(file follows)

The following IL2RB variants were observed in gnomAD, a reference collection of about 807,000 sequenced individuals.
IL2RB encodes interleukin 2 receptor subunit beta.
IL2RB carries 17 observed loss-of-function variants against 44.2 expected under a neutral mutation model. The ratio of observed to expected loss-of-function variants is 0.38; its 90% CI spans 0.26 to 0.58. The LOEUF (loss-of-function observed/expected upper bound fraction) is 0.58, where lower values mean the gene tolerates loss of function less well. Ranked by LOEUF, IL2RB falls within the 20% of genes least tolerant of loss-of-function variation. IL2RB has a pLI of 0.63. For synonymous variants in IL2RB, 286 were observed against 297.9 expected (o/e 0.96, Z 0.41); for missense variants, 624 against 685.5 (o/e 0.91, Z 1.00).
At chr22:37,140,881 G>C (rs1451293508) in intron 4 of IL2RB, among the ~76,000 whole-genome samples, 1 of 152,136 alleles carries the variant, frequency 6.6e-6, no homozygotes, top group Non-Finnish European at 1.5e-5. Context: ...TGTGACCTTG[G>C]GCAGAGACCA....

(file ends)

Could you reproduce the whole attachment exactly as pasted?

The following IL2RB variants were observed in gnomAD, a reference collection of about 807,000 sequenced individuals.
IL2RB encodes interleukin 2 receptor subunit beta.
IL2RB carries 17 observed loss-of-function variants against 44.2 expected under a neutral mutation model. The ratio of observed to expected loss-of-function variants is 0.38; its 90% CI spans 0.26 to 0.58. The LOEUF (loss-of-function observed/expected upper bound fraction) is 0.58, where lower values mean the gene tolerates loss of function less well. Ranked by LOEUF, IL2RB falls within the 20% of genes least tolerant of loss-of-function variation. IL2RB has a pLI of 0.63. For synonymous variants in IL2RB, 286 were observed against 297.9 expected (o/e 0.96, Z 0.41); for missense variants, 624 against 685.5 (o/e 0.91, Z 1.00).
At chr22:37,140,881 G>C (rs1451293508) in intron 4 of IL2RB, among the ~76,000 whole-genome samples, 1 of 152,136 alleles carries the variant, frequency 6.6e-6, no homozygotes, top group Non-Finnish European at 1.5e-5. Context: ...TGTGACCTTG[G>C]GCAGAGACCA....